What happens when a world-class surgeon and a renowned researcher have an idea for a revolutionary new way to heal the heart? Our exciting new TV spot tells how the Power of Advanced Medicine could change life after heart attack. Watch the video at the end of this post!
A revolutionary treatment to heal the heart
Using a patient’s own bone marrow cells, we can now regenerate healthy heart muscle after a heart attack. It’s as complicated as it sounds, and it’s equally profound in the realm of regenerative medicine.
Explore how the UK Gill Heart & Vascular Institute is at the forefront of regenerative medicine, putting us on the verge of a potentially world-changing breakthrough that doesn’t just treat damage, but actually heals the heart itself.
It all started in a hallway
The genesis of this project was nothing short of fortuitous. Because UK HealthCare is one of the few institutions where clinical, research and other expertise are housed under the same roof, a chance encounter becomes more likely. Dr. Ahmed Abdel-Latif, a cardiologist at Gill and regenerative medicine researcher, ran into cardiothoracic surgeon Dr. Michael Sekela, and the idea took off from there.
“You cannot do this type of research as a single person. It’s a huge deal and a huge commitment, from the leadership in the university and in the hospital and the medical school. Everyone works well together, everyone is supportive – this makes it an ideal place for someone like me and for this type of therapy. It’s not just one physician or one scientist. It’s a whole system,” Abdel-Latif said.
What is the problem we’re solving?
There’s more to a heart attack than the event itself. When you have a heart attack, the heart suffers irreparable damage—the symptoms of which will reveal themselves for years after. These symptoms, commonly known as heart failure, are what we’re aiming to solve.
Instead of managing treatment for the remainder of a patient’s life, we’re using precision, regenerative medicine to heal the damaged tissue. This not only improves the functional capacity of a patient’s most vital organ, it significantly improves one’s quality of life. It’s here we believe this treatment will have its most profound and far reaching effects.
What is regenerative medicine?
The field of regenerative medicine is exciting, but not new. The first successful regenerative therapies – such as bone marrow and organ transplants – took place in the seventies. But new technologies and information have opened doors for treatments that seemed novel only months ago.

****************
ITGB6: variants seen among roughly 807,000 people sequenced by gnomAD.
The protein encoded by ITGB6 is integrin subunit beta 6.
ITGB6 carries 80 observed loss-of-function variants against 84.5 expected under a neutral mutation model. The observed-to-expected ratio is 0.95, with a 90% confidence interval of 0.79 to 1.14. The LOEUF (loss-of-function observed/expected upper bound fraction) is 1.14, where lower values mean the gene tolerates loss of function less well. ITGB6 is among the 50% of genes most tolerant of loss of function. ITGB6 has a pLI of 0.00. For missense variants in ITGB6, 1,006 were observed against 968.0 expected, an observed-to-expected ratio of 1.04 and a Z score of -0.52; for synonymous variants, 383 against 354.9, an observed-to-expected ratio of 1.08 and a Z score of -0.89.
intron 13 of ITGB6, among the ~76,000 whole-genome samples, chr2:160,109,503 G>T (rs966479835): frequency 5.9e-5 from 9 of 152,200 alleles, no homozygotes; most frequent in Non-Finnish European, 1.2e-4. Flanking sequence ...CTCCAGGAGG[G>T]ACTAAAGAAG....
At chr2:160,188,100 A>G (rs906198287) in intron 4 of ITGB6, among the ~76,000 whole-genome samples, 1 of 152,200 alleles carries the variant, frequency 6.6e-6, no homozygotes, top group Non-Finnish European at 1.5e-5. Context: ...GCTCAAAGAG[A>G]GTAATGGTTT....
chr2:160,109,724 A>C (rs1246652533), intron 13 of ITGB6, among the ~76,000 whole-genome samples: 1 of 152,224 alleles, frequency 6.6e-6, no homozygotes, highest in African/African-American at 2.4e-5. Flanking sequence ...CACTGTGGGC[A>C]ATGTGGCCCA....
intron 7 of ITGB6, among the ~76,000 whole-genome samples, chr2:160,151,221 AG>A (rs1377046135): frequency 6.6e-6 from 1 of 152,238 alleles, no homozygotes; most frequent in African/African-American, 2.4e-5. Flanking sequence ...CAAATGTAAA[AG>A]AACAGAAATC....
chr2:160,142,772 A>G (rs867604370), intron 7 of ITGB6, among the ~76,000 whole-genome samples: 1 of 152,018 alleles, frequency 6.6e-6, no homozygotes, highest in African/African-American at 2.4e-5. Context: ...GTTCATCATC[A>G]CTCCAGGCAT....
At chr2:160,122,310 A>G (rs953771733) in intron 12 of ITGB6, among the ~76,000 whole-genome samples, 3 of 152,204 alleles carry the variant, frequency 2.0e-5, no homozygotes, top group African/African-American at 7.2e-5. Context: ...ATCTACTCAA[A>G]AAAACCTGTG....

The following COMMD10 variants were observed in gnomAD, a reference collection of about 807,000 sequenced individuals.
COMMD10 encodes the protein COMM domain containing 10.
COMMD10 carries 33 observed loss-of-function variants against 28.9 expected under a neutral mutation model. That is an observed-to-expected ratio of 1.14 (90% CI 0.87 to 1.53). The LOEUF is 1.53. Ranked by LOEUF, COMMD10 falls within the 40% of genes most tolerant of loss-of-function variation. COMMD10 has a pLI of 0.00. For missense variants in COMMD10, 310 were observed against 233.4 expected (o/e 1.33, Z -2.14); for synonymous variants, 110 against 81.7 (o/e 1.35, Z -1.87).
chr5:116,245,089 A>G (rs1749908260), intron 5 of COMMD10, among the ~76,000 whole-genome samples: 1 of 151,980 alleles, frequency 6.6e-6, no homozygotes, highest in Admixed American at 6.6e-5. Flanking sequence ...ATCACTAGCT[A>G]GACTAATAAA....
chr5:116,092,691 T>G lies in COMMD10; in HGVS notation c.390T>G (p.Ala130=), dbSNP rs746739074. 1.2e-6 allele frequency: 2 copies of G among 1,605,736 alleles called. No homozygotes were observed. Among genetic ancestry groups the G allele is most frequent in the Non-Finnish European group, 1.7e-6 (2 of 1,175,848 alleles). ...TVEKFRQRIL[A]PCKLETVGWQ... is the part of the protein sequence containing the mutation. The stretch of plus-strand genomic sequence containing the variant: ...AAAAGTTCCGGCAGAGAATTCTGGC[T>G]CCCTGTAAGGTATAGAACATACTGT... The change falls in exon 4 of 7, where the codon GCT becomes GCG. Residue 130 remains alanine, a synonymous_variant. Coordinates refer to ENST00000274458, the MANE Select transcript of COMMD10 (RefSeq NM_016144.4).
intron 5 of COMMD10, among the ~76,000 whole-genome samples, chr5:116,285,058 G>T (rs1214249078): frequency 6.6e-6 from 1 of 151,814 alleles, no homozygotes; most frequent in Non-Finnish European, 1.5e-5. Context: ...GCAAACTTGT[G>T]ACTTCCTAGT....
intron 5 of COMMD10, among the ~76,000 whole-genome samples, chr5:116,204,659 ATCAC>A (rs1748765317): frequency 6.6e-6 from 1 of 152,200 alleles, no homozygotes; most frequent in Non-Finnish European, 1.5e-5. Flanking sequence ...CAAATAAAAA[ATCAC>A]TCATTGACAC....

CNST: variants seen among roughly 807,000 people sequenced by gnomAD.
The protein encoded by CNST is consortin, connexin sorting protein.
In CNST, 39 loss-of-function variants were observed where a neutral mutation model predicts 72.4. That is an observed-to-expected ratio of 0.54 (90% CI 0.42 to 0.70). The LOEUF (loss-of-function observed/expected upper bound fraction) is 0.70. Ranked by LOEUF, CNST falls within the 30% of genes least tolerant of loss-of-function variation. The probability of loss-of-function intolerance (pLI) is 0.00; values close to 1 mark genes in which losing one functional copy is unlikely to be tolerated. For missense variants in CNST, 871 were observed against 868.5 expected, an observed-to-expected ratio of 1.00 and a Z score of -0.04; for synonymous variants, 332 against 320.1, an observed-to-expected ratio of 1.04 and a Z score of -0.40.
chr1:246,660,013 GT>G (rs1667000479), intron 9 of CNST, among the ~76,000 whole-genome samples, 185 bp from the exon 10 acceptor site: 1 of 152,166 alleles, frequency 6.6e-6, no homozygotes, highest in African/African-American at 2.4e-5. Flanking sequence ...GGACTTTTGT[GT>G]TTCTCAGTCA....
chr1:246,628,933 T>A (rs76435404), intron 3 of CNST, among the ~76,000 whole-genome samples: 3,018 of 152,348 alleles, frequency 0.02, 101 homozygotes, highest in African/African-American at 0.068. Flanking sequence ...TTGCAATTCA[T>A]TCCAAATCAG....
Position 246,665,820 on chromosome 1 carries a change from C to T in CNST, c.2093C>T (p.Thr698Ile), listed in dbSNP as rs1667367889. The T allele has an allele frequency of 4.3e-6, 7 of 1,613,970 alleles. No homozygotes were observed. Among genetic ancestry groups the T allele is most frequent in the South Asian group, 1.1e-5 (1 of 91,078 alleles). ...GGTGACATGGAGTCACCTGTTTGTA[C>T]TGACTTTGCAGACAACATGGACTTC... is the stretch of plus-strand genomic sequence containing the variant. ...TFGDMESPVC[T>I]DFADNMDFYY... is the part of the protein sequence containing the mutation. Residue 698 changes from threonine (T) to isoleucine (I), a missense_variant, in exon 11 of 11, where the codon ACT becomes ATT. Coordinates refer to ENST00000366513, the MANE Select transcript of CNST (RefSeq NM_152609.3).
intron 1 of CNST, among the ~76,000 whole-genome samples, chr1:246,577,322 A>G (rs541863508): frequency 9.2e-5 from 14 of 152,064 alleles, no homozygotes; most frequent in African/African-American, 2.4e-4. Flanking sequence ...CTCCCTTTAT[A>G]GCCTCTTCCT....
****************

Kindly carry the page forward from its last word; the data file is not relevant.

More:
In short, regenerative medicine has the potential to fully heal damaged tissues and organs, offering solutions and hope for people who have conditions previously determined as beyond repair.
“What’s good about UK is that we are able to offer this therapy to our patients early, before it becomes a standard of care,” Abdel-Latif said. “So patients at UK will have access to this therapy through clinical trials. They will have access to this therapy before anyone else.”
How does this procedure work?
“What we’re trying to do is focusing a specific area of regrowing blood vessels to heart muscle that doesn’t have enough blood flow,” Sekela said. “And theoretically, what we’re doing is taking something that should turn into scar tissue, and let that be muscle. And if we can do that, it’ll explode this field in cardiovascular surgery and in cardiovascular medicine.”
Who is this procedure for?
Eventually, everyone. Because we’re still in the early days of this therapy, only certain, qualifying patients will have access to it. But the prevailing theory is that all patients suffering from severe heart failure will qualify for this procedure within a few years. And down the road, those suffering from more mild cases could have their symptoms addressed as well.
What is the potential impact?
If this procedure is successfully implemented, it could do more than change cardiovascular treatment – it could shift a cornerstone in medicine itself.
How long before this is standard procedure?
Experts estimate it that regenerative therapies like this one will be the standard of care within five to 10 years. There is a litany of factors that could play into this, such as governmental influence, the pace of clinical trials, and funding. Nevertheless, regenerative medicine is undoubtedly seeing advancements by the day and UK HealthCare is at the forefront.